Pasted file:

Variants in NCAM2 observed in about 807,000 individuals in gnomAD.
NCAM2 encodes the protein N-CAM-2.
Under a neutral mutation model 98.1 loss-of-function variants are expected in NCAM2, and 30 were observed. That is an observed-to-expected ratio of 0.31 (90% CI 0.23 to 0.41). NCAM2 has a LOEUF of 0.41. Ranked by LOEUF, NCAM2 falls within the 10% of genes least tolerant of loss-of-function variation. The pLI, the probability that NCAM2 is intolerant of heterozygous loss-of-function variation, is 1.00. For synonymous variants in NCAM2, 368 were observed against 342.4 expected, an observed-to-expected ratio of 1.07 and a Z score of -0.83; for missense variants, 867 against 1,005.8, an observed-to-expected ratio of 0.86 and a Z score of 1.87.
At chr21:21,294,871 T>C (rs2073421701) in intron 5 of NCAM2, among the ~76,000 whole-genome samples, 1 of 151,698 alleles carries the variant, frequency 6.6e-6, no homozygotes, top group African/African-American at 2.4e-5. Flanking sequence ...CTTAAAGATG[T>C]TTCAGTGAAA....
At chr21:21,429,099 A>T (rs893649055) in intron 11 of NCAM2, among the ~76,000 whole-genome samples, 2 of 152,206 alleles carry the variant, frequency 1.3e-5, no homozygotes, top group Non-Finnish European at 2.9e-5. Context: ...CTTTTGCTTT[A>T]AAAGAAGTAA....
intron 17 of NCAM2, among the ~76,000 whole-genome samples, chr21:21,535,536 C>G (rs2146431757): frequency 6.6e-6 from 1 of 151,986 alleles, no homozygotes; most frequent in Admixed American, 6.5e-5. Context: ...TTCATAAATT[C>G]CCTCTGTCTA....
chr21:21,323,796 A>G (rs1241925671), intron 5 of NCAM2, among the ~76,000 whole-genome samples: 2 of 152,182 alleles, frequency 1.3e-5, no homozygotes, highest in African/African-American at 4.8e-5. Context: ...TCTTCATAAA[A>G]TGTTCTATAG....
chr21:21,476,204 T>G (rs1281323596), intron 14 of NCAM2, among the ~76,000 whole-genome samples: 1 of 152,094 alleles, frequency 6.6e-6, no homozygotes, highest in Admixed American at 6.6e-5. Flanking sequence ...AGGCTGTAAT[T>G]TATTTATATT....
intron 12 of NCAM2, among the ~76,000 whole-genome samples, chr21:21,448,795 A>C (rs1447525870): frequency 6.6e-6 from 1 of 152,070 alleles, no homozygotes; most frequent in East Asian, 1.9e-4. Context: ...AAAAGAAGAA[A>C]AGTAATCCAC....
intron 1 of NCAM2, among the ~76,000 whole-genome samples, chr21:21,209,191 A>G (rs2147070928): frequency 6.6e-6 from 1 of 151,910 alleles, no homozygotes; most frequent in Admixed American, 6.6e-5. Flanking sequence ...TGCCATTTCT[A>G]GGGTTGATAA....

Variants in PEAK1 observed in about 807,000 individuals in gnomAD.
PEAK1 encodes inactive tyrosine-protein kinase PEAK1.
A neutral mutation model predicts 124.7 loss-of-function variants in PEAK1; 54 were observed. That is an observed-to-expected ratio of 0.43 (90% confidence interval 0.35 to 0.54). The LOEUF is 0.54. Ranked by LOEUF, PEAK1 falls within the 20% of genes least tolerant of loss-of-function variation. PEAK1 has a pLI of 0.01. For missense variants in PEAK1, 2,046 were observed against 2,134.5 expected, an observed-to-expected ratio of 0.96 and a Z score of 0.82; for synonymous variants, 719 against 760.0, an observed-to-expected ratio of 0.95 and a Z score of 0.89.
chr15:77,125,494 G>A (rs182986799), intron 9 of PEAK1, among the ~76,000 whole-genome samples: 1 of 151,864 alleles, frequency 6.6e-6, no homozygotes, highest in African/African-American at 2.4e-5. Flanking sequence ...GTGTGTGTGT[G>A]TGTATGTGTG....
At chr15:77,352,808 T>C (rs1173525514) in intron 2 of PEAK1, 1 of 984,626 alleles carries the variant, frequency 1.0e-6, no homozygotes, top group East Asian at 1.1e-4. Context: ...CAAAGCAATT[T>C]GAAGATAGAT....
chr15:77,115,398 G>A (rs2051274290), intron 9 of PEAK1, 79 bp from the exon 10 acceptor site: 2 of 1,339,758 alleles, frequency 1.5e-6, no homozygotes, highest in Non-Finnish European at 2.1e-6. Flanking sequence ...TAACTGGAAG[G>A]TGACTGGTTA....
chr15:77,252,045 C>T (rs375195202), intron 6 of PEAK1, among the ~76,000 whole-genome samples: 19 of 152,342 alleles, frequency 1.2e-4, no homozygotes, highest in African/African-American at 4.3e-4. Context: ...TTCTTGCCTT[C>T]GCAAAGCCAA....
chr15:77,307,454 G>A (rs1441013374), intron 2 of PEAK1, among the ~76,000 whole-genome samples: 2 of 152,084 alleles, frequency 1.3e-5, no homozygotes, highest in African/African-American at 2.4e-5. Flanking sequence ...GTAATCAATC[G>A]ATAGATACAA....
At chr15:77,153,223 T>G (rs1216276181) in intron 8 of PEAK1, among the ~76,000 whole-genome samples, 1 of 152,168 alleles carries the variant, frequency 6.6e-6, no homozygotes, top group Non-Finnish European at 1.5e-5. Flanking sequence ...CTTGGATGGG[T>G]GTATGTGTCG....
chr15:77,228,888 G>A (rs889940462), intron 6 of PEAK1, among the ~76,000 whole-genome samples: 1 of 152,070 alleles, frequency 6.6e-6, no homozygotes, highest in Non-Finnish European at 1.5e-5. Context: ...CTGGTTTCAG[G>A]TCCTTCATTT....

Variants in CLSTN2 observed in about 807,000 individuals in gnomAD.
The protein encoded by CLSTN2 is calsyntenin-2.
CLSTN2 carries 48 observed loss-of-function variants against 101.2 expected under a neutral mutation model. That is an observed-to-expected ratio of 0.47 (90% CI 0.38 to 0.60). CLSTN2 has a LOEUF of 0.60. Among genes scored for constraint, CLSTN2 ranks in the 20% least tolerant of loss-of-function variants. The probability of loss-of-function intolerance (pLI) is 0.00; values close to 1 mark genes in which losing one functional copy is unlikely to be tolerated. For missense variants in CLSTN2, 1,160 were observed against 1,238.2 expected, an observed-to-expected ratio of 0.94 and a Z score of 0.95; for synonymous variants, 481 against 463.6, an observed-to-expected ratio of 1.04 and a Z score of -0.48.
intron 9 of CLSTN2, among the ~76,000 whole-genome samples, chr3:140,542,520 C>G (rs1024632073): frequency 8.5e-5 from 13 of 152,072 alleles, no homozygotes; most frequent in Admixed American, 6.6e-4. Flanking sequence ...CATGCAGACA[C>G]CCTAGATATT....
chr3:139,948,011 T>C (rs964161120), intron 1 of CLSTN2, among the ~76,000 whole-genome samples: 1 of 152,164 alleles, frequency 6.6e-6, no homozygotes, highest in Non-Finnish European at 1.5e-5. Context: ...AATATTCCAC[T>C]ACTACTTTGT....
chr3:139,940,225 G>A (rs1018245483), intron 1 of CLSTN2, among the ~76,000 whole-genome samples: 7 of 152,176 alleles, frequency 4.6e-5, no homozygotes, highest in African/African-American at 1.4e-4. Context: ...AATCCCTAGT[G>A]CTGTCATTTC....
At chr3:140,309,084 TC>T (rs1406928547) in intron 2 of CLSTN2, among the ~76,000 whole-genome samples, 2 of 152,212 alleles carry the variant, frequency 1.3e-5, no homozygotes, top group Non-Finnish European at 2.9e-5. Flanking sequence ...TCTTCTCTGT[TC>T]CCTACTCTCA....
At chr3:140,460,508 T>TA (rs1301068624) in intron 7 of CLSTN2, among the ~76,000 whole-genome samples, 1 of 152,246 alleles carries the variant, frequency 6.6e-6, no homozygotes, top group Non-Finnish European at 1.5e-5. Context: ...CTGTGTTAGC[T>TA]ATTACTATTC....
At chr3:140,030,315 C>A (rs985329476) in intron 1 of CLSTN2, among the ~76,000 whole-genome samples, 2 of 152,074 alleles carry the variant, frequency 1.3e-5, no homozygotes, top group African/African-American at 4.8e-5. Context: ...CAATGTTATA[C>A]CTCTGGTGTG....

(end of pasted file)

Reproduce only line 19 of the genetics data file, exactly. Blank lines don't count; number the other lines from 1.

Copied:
At chr15:77,153,223 T>G (rs1216276181) in intron 8 of PEAK1, among the ~76,000 whole-genome samples, 1 of 152,168 alleles carries the variant, frequency 6.6e-6, no homozygotes, top group Non-Finnish European at 1.5e-5. Flanking sequence ...CTTGGATGGG[T>G]GTATGTGTCG....